For those who were fortunate enough to tune in to today’s game 4 matchup between the Mavericks and Clippers, you just watched an event that has little historical precedent. Luka Dončić, on a bad ankle, without his best running mate, against a finals favorite, after playing 46 minutes, hit a shot beyond belief at the buzzer to tie the series against the Clippers, capping off a superhuman performance where he went for 43 points, 17 rebounds, and 13 assists. It was a special, heart-stopping performance that rivals any playoff outing I can remember. I also believe, 20 or so years down the line (after several titles, MVP’s, and etcetera in Luka’s trophy case), this masterpiece will take its rightful place alongside three other virtuoso performances that I can think of, as the moment where the NBA world realized it was watching a once-in-a-generation-type talent.
As mentioned above, there are three other performances in NBA history that immediately remind me of the one I just watched:
-When Magic Johnson, as a rookie, started at center in place of the injured Kareem Abdul-Jabbar in the 1980 finals. He proceeded to drop 42 points on the Sixers, clinch the series for the Lakers, and win finals MVP, still the only rookie in the history of the league to do so.
-When Michael Jordan, in his 2nd year in the league, exploded for 63 points against Larry Bird and the Celtics in the 1986 playoffs, albeit in a double OT loss. Larry Bird famously remarked after the game, “I think it’s just God disguised as Michael Jordan.”
-When Lebron James, at age 22, surrounded by notably inferior talent, scored the Cavs’ final 25 points (49 in total), to take the heavily-favored Pistons to a game 7 in the 2006 Eastern semifinals.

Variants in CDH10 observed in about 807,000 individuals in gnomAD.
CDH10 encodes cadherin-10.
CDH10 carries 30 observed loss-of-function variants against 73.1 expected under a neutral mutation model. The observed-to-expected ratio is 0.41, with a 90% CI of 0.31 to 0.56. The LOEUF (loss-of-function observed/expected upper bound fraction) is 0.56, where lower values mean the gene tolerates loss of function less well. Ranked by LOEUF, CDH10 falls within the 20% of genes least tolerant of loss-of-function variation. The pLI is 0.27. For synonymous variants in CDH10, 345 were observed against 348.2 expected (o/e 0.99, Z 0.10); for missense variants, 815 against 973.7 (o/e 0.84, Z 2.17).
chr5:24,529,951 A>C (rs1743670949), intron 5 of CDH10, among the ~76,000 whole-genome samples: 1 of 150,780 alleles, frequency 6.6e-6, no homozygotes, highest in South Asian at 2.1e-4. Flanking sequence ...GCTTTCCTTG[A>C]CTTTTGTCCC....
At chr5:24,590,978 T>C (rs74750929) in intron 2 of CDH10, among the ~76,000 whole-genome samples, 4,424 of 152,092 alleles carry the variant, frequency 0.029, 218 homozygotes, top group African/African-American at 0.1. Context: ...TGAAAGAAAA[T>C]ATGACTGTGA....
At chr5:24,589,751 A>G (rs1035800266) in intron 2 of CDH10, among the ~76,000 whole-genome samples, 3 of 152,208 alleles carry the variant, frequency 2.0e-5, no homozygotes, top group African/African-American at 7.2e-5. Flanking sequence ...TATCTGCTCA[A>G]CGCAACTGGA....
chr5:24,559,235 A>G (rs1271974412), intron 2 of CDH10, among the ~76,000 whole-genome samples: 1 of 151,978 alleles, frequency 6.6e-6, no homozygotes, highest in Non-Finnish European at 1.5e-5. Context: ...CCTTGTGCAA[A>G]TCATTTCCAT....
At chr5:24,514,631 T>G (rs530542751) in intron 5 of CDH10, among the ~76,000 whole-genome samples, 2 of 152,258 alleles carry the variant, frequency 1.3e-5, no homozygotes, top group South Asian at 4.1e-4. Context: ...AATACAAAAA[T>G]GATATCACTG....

-And when Luka Dončić, who 6 months ago couldn’t order a beer at American Airlines Center, after putting up 40 against the finals favorite on a bad ankle, hit the game-winner to tie the series. There are so few comparisons to this performance, because there are so few peers to Luka at this stage of his young career.
By my eyes, Luka is the best player to enter the NBA since Lebron James. When all is said and done, barring injuries, he’ll be better than KD, better than Steph, better than Kawhi, better than Giannis. In his age 20 season, he just put up numbers (29/9/8) that none of the aforementioned have ever attained in their careers. He did so while still having notable improvements left to make as an athlete and a shooter, both of which I see as a “when”, rather than “if”. He also did so, it bears repeating, at age 20.
Barring any major offseason shakeups, I was pretty confident that Luka was going to be my MVP pick for next season. I felt I had a hot take in the hole that I was ready to drop before the season’s opening tip: by the end of the 2020-2021 season, Dončić will be considered by almost everyone to be the best player in the world. Luka, with his transcendent brilliance, has splashed a bucket of ice-cold water on that once bold claim and upped it for us–he might be the best player in the world already.
For anyone who didn’t know before 3:30 EST today, now you do: we’re living in Luka’s world. There are only a handful of players that I can recall in my lifetime who are so brilliant, so special, so extraordinary, that every time I turn on the TV to watch them, I feel genuinely lucky to have that opportunity. Luka is one of those players, and due to his heroics this afternoon, we get to watch him for at least two more games this season, and, thankfully, many, many years after that. How lucky we are.